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Unformatted text preview: Do Local Economic Development Programs Work? Evidence from the Federal Empowerment Zone Program * Matias Busso University of Michigan [email protected] Patrick Kline Yale University [email protected] Abstract This paper evaluates the impact of Round I of the federal urban Empowerment Zone (EZ) program on neighborhood level labor and housing market outcomes over the period 1994-2000. Using four decades of Census data in conjunction with information on the proposed boundaries of rejected EZs, we find that neighborhoods receiving EZ designation experienced substantial improvements in labor market conditions and moderate increases in rents relative to rejected and future zones. These effects were accompanied by small changes in the demographic composition of the neighborhoods, though evidence from disaggregate Census tabulations suggests that these changes account for little of the observed improvements. First version: April 18, 2006 This version: November 28, 2007 JEL Codes: H2, O1, R58, C21. * The authors would like to thank Soren Anderson, Timothy Bartik, John Bound, Charlie Brown, Kerwin Charles, John DiNardo, Taryn Dinkelman, Jesse Gregory, Jim Hines, Ben Keys, Justin McCrary, Gary Solon, Joel Slemrod, and Jeff Smith for encouragement and advice on this project. We would also like to thank participants of the University of Michigan Labor Seminar, the Michigan Public Finance Brownbag Lunch, and the Upjohn Institute Seminar for useful comments. This work has been supported (in part) by a grant from the National Poverty Center at the University of Michigan. Any opinions expressed are those of the authors. Local economic development programs are an important, yet understudied, feature of the U.S. tax and expenditure system. Timothy Bartik (2002) estimates that state and lo- cal governments spend $20-30 billion per year on economic development programs with an additional $6 billion per annum coming from the federal government. However, little acad- emic work has been done examining the impact of these expenditures on local communities, largely because of the small scale and general diversity of most such programs. 1 This paper evaluates the federal urban Empowerment Zone (EZ) program, which constitutes one of the largest standardized federal interventions in impoverished urban American neighborhoods since President Johnson’s Model Cities program. With a mandate to revitalize distressed urban communities, the EZ program represents a nexus between social welfare policy and economic development efforts. Unlike conventional anti-poverty programs, Empowerment Zones aim to help the poor by subsidizing demand for their services at local firms, which has made them one of the few social welfare programs popular on both sides of the congressional aisle. In an era where non-entitlement spending on social welfare programs has been scaled back dramatically, the federal Empowerment Zone program has enjoyed rapid growth. After the initial funding of six first round EZs andZone program has enjoyed rapid growth....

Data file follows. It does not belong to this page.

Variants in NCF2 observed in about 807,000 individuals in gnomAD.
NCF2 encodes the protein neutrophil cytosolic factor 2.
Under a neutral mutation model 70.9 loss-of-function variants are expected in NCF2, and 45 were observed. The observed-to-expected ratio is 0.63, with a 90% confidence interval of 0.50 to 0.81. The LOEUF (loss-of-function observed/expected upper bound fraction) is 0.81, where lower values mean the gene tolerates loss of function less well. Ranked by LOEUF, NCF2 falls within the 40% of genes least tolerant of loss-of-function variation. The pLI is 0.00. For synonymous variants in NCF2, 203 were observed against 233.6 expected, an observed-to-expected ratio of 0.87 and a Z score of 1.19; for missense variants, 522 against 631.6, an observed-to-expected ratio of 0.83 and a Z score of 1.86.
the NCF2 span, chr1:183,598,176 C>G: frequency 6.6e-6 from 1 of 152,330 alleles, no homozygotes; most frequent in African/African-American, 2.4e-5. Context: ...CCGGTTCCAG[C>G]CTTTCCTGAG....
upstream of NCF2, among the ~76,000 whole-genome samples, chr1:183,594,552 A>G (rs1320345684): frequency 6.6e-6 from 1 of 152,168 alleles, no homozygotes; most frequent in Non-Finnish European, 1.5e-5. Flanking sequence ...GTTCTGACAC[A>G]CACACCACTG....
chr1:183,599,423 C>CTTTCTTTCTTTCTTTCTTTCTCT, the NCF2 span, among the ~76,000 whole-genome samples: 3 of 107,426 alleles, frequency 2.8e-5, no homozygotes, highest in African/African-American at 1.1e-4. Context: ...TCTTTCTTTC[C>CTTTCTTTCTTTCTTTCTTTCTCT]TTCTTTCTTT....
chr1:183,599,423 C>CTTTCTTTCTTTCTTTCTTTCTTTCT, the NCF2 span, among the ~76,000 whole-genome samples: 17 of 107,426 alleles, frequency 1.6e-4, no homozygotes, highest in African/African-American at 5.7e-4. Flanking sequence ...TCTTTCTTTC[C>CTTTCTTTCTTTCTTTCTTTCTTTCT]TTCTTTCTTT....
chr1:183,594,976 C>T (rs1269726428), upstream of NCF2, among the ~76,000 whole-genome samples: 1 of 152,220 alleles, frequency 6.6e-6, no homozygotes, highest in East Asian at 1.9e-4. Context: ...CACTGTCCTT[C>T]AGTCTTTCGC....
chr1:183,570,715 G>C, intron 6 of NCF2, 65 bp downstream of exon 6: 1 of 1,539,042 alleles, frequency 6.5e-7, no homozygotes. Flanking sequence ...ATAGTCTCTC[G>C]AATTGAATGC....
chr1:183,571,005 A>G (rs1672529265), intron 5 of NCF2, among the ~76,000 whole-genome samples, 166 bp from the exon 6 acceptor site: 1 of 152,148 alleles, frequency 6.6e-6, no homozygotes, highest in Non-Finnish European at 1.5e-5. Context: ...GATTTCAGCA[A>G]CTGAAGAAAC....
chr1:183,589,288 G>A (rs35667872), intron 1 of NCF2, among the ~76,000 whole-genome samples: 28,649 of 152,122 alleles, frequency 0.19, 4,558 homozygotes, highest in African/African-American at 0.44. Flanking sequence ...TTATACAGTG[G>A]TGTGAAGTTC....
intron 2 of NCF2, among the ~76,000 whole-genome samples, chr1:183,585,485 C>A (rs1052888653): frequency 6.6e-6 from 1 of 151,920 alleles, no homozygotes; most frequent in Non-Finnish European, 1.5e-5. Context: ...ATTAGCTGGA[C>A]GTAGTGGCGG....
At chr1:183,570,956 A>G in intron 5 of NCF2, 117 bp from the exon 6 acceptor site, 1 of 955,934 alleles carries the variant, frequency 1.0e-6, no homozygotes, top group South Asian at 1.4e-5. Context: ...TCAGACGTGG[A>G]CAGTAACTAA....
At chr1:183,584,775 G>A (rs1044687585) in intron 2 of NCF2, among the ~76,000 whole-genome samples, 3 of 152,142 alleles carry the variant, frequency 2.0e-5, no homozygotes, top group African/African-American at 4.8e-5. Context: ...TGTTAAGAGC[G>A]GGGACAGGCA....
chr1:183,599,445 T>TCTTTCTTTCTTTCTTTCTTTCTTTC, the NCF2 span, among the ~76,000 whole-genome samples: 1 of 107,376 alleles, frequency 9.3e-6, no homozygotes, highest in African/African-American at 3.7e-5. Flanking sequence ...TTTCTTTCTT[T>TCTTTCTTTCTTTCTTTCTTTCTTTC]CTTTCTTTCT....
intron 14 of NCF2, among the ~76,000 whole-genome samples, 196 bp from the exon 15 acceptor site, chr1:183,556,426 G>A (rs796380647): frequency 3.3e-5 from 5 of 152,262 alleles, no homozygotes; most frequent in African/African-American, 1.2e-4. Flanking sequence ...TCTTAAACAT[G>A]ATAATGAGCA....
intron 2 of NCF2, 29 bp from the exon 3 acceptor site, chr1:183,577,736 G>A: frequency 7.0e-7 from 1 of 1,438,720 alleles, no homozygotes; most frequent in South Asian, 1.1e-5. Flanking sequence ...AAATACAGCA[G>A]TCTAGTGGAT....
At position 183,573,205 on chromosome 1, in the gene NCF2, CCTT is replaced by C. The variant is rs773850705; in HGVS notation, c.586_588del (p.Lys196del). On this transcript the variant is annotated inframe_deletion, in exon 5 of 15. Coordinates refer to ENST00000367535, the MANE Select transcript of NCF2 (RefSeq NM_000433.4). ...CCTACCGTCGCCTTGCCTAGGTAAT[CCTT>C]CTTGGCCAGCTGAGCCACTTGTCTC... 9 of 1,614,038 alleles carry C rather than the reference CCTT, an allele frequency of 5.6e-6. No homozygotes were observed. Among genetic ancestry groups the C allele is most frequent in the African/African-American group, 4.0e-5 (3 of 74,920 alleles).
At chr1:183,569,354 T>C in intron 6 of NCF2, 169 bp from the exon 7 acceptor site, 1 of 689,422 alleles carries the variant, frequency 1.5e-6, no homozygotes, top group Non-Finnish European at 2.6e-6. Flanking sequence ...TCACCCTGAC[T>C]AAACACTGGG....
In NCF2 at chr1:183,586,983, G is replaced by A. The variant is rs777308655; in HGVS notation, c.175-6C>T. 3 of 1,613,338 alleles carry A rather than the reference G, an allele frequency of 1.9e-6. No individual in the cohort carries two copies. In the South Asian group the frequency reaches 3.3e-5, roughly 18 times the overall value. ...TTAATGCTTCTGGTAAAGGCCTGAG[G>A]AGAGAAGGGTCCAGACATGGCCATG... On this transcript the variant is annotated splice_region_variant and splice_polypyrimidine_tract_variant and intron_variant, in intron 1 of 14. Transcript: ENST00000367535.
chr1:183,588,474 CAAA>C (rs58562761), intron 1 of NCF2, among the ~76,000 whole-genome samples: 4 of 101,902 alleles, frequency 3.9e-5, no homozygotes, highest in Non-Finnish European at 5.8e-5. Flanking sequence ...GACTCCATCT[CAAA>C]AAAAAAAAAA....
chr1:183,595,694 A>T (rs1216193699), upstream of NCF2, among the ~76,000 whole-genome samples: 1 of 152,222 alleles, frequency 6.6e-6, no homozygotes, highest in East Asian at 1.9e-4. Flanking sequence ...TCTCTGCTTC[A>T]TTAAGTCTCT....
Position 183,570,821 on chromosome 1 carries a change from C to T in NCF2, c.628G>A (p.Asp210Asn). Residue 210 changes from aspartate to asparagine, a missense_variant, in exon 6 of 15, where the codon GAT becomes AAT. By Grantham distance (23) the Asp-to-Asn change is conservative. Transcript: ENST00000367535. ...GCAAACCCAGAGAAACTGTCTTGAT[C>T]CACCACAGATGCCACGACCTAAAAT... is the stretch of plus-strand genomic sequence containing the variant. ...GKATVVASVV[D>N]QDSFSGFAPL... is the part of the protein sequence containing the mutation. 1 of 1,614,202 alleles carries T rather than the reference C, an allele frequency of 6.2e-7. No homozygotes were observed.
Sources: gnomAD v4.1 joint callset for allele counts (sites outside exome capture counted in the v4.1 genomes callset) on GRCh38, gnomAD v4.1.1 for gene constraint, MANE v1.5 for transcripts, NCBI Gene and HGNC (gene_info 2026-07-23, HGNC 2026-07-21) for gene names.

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This note was uploaded on 12/26/2011 for the course ECON 245a taught by Professor Staff during the Fall '08 term at UCSB.
- Fall '08